The nicotinic acetylcholine receptor (nAChR) is a ligand-gated ion channel protein that mediates fast excitatory synaptic transmission in the peripheral and central nervous systems. Changes in the structure and function of the nAChR can lead to serious impairment of physiological processes. Mutations in the lipid-protein interface of the nAChR can cause alterations in the gating machinery of the nAChR. Indeed, the cholesterol-sensitive nAChR mutant αC418W located in the αM4 domain, causes slow-channel congenital myasthenic syndrome. Therefore, my particular interests is to better understand the role of the lipid-protein interface of the nAChR in the βM4 transmembrane domain.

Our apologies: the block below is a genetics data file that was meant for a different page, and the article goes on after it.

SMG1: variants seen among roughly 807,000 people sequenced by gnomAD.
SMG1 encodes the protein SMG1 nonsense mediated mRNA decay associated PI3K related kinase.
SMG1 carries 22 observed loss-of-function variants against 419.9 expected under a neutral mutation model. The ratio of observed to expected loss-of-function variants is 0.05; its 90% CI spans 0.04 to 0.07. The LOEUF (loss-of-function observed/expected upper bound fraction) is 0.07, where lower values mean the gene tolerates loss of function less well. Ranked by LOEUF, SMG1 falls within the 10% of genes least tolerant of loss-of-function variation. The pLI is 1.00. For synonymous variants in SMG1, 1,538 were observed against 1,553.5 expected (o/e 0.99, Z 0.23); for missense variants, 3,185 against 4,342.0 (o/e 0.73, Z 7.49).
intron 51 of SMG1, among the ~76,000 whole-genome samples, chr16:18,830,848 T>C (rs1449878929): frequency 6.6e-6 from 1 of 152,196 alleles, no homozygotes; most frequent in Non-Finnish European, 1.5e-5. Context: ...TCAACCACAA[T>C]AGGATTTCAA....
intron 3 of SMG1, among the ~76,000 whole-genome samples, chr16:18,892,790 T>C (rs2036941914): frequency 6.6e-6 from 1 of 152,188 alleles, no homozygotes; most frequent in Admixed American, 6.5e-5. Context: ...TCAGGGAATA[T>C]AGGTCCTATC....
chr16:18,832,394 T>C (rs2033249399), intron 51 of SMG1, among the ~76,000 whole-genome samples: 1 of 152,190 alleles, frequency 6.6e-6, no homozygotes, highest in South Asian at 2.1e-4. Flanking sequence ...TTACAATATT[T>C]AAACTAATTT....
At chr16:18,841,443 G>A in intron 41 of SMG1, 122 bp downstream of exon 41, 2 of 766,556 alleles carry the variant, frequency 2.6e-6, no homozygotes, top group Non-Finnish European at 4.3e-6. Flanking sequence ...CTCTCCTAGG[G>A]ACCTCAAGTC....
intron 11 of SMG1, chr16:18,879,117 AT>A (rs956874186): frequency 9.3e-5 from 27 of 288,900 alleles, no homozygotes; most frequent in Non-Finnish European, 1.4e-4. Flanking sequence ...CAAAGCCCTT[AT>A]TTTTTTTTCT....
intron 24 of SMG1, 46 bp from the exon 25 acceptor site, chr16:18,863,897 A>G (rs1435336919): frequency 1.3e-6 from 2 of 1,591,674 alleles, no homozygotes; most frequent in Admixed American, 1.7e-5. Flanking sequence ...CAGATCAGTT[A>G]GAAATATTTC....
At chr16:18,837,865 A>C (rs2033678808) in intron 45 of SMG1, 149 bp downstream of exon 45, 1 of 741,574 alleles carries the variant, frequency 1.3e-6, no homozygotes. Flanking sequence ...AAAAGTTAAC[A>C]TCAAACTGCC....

In this study, we combined site-directed mutagenesis, radioligand binding assays, electrophysiological recordings, and Fourier analyses to characterize the functional role and structural aspects of the bM4 transmembrane domain of the Torpedo californica nAChR.
Resent results demonstrates that the βM4 domain plays a more structural role during nAChR channel activation. βM4 displays a larger number of non-functional mutants and a lower change in the periodicity value as compared to αM4 and γM4 suggesting a more “tightly-packed” and rigid-body domain compared to other transmembrane domains.